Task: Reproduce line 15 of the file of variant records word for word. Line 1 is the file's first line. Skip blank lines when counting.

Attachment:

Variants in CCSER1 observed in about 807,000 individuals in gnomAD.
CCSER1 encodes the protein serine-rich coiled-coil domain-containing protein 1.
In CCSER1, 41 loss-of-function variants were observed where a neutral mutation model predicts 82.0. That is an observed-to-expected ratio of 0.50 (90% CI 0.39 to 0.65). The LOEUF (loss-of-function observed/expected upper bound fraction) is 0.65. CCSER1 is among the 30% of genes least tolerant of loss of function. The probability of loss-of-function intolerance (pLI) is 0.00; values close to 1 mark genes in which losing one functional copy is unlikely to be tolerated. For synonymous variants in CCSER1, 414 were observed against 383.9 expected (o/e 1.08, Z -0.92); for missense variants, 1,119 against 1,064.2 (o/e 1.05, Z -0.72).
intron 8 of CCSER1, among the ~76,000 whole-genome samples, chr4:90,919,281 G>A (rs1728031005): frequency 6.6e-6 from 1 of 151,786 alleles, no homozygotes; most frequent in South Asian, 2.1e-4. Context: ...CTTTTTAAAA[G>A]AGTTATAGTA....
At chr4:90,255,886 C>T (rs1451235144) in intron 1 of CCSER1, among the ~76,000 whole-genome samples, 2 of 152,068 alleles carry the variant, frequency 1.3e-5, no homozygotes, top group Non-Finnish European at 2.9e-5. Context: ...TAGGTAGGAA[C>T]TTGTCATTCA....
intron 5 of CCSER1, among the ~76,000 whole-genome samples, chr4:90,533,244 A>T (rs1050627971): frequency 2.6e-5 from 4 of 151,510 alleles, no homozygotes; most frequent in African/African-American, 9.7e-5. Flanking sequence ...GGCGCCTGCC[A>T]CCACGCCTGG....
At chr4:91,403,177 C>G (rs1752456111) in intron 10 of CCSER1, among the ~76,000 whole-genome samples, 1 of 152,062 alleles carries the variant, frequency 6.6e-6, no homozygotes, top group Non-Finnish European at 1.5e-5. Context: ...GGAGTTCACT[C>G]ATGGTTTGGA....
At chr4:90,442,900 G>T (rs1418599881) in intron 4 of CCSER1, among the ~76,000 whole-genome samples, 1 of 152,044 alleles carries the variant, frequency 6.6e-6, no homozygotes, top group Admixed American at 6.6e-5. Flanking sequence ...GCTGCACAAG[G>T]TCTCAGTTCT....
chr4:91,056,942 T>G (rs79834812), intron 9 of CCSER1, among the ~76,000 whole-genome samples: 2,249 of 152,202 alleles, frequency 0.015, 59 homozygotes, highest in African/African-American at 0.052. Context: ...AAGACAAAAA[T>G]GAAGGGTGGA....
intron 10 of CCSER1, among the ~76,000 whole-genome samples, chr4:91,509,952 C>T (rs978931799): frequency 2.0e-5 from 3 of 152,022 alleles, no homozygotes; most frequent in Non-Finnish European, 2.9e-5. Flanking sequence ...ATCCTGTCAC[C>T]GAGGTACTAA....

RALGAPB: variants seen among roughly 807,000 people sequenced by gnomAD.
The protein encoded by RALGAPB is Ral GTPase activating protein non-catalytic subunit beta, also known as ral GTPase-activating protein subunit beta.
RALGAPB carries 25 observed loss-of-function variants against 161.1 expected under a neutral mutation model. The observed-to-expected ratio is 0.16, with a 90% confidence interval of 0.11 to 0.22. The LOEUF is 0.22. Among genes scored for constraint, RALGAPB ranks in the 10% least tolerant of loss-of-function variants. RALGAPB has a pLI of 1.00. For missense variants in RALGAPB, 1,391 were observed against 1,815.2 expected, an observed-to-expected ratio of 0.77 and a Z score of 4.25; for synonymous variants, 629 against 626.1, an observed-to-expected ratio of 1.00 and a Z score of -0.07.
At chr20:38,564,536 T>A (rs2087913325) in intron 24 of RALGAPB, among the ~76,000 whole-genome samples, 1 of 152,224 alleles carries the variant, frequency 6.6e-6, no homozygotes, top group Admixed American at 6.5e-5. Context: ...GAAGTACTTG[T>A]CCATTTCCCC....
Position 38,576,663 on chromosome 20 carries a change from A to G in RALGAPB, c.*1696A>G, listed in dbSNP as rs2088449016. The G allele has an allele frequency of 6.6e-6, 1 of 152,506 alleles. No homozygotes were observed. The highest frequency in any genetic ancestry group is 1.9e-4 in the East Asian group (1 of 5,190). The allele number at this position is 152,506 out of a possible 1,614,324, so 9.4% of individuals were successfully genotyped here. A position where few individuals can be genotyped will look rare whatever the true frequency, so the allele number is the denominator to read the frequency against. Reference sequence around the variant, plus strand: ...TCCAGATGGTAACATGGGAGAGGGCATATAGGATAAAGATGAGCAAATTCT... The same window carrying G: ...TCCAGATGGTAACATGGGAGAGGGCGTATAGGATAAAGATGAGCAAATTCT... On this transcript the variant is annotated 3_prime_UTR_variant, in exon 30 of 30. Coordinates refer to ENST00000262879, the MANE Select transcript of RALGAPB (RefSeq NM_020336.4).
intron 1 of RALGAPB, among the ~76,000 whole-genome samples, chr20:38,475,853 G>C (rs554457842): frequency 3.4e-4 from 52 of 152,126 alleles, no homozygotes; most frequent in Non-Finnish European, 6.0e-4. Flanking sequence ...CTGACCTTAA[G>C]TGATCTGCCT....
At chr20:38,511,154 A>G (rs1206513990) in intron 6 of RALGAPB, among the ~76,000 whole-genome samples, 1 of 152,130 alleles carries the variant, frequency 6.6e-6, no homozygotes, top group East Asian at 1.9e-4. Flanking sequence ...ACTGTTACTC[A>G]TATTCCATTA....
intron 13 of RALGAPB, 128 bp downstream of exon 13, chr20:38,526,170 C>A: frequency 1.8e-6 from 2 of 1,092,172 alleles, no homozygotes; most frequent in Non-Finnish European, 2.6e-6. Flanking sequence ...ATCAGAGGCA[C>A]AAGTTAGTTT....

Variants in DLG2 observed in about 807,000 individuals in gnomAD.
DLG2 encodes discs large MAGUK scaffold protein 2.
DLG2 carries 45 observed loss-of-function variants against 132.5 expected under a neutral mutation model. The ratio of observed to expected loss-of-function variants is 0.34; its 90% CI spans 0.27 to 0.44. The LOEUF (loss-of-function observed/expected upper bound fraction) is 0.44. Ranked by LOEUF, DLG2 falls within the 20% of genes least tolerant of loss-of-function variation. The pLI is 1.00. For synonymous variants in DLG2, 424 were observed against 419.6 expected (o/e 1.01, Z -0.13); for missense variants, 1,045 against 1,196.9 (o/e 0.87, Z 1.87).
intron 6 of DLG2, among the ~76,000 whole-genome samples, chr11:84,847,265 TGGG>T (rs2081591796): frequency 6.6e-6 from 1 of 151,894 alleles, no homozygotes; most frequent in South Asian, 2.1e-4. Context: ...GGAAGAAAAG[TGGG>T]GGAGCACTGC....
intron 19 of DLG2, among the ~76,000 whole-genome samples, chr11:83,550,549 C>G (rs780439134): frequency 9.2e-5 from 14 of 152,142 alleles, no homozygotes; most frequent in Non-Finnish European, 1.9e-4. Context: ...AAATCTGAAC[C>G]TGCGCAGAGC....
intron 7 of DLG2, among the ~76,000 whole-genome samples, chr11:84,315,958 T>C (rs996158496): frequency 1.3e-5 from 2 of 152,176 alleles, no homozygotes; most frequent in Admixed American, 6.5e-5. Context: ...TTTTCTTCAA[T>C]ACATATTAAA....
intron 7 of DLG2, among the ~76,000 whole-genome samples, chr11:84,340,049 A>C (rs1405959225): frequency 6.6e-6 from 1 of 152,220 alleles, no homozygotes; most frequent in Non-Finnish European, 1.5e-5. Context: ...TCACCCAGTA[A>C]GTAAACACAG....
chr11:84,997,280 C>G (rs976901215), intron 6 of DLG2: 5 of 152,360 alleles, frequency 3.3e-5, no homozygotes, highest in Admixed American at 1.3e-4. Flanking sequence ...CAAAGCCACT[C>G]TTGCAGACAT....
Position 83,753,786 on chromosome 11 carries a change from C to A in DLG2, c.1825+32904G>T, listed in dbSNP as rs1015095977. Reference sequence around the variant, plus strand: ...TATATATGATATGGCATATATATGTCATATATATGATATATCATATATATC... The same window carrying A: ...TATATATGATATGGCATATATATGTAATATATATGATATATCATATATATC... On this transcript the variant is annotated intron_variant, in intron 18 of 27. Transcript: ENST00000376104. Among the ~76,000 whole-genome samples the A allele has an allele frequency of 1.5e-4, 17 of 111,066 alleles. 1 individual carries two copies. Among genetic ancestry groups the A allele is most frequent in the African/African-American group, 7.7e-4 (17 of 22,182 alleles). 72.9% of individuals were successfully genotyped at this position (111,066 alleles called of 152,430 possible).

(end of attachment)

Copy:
Position 38,576,663 on chromosome 20 carries a change from A to G in RALGAPB, c.*1696A>G, listed in dbSNP as rs2088449016. The G allele has an allele frequency of 6.6e-6, 1 of 152,506 alleles. No homozygotes were observed. The highest frequency in any genetic ancestry group is 1.9e-4 in the East Asian group (1 of 5,190). The allele number at this position is 152,506 out of a possible 1,614,324, so 9.4% of individuals were successfully genotyped here. A position where few individuals can be genotyped will look rare whatever the true frequency, so the allele number is the denominator to read the frequency against. Reference sequence around the variant, plus strand: ...TCCAGATGGTAACATGGGAGAGGGCATATAGGATAAAGATGAGCAAATTCT... The same window carrying G: ...TCCAGATGGTAACATGGGAGAGGGCGTATAGGATAAAGATGAGCAAATTCT... On this transcript the variant is annotated 3_prime_UTR_variant, in exon 30 of 30. Coordinates refer to ENST00000262879, the MANE Select transcript of RALGAPB (RefSeq NM_020336.4).